Large real estate investments, shopping centers, franchises, and supermarket chains had significant GCC components. The creative sector, including engineering, consulting, advertising and design, also relied on GCC contracts, along with the entertainment industry and the cultural, educational and hotel sectors, along with information technology and innovation. . Even agricultural exports were negatively affected by the crisis with the GCC.
The failure to implement the reforms came at an enormous cost. Public sector employment became a massive drain on the economy in 2018, when wage increases and promotions were implemented without the necessary reforms. The electricity, telecommunications and ports sectors suffered from endemic corruption and a lack of reform.
The war in Syria had a direct cost on the economy thanks to Hezbollah’s involvement in the conflict. Thousands of young Lebanese who participated in the fighting were killed or injured, in addition to the psychological effects and the burden of hundreds of thousands of refugees arriving in Lebanon. There is also the smuggling of subsidized raw materials and foreign exchange into Syria, as well as the incorporation of Lebanon into the war economy there, with drugs, money laundering and terrorist activities. There may also be a connection to the Beirut port explosion that destroyed much of the city last August.
Under the gradual control of the Axis of Resistance, Lebanon became another Gaza: besieged, isolated, subjected to sanctions, impoverished and in a constant state of war.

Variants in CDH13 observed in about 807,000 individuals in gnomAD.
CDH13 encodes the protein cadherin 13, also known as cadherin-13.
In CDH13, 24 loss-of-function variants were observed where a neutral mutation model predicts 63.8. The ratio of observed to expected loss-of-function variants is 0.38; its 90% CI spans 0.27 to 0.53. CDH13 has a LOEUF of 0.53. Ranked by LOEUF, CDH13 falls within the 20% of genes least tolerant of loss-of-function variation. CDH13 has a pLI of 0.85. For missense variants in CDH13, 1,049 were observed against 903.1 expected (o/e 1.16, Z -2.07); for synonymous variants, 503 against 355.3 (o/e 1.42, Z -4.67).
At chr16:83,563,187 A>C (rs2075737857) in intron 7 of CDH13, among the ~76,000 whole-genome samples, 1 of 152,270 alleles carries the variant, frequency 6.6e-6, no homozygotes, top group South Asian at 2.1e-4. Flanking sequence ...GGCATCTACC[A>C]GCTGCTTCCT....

The real economic impact of all these components is difficult to estimate, but some figures give an idea of the scale: the losses were in the region of $ 4 billion annually from the smuggling of subsidized fuel out of the country and $ 4 to $ 5 billion annually for tax evasion. The electricity sector-related corruption deficit alone accounts for more than a third of the $ 93 billion in debt. Public sector wage adjustments were estimated by the Finance Ministry at around $ 800 million, but turned out to be closer to $ 2.5 million and its director now preaches reform.
Despite all that, the Lebanese economy grew almost 20 times, from just under $ 3 billion at the end of the civil war in 1990 to almost $ 60 billion before the recent collapse, an indication that, with the right environment in the region, the potential is always there.
• Nadim Shehadi is Executive Director of LAU Headquarters and Academic Center in New York and associate member of Chatham House in London.
Disclaimer: The opinions expressed by the writers in this section are their own and do not necessarily reflect the views of Arab News.